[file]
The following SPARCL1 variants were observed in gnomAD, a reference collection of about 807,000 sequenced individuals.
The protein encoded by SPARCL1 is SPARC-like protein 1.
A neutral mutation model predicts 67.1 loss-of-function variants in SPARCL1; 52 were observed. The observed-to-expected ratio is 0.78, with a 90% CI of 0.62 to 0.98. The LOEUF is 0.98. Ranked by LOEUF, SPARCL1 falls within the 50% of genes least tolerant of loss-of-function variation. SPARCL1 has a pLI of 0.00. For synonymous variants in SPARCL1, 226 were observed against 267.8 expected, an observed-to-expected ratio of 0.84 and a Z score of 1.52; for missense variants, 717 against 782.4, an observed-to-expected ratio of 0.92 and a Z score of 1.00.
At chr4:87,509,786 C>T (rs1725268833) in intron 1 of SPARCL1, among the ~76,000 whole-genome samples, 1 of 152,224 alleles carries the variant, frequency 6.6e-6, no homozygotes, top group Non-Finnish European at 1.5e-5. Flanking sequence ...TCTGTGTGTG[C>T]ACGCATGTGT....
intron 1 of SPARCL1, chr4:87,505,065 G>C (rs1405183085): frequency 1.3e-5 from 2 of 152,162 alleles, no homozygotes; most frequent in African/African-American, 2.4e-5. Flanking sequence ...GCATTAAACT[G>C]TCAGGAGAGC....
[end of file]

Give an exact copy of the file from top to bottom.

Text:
The following SPARCL1 variants were observed in gnomAD, a reference collection of about 807,000 sequenced individuals.
The protein encoded by SPARCL1 is SPARC-like protein 1.
A neutral mutation model predicts 67.1 loss-of-function variants in SPARCL1; 52 were observed. The observed-to-expected ratio is 0.78, with a 90% CI of 0.62 to 0.98. The LOEUF is 0.98. Ranked by LOEUF, SPARCL1 falls within the 50% of genes least tolerant of loss-of-function variation. SPARCL1 has a pLI of 0.00. For synonymous variants in SPARCL1, 226 were observed against 267.8 expected, an observed-to-expected ratio of 0.84 and a Z score of 1.52; for missense variants, 717 against 782.4, an observed-to-expected ratio of 0.92 and a Z score of 1.00.
At chr4:87,509,786 C>T (rs1725268833) in intron 1 of SPARCL1, among the ~76,000 whole-genome samples, 1 of 152,224 alleles carries the variant, frequency 6.6e-6, no homozygotes, top group Non-Finnish European at 1.5e-5. Flanking sequence ...TCTGTGTGTG[C>T]ACGCATGTGT....
intron 1 of SPARCL1, chr4:87,505,065 G>C (rs1405183085): frequency 1.3e-5 from 2 of 152,162 alleles, no homozygotes; most frequent in African/African-American, 2.4e-5. Flanking sequence ...GCATTAAACT[G>C]TCAGGAGAGC....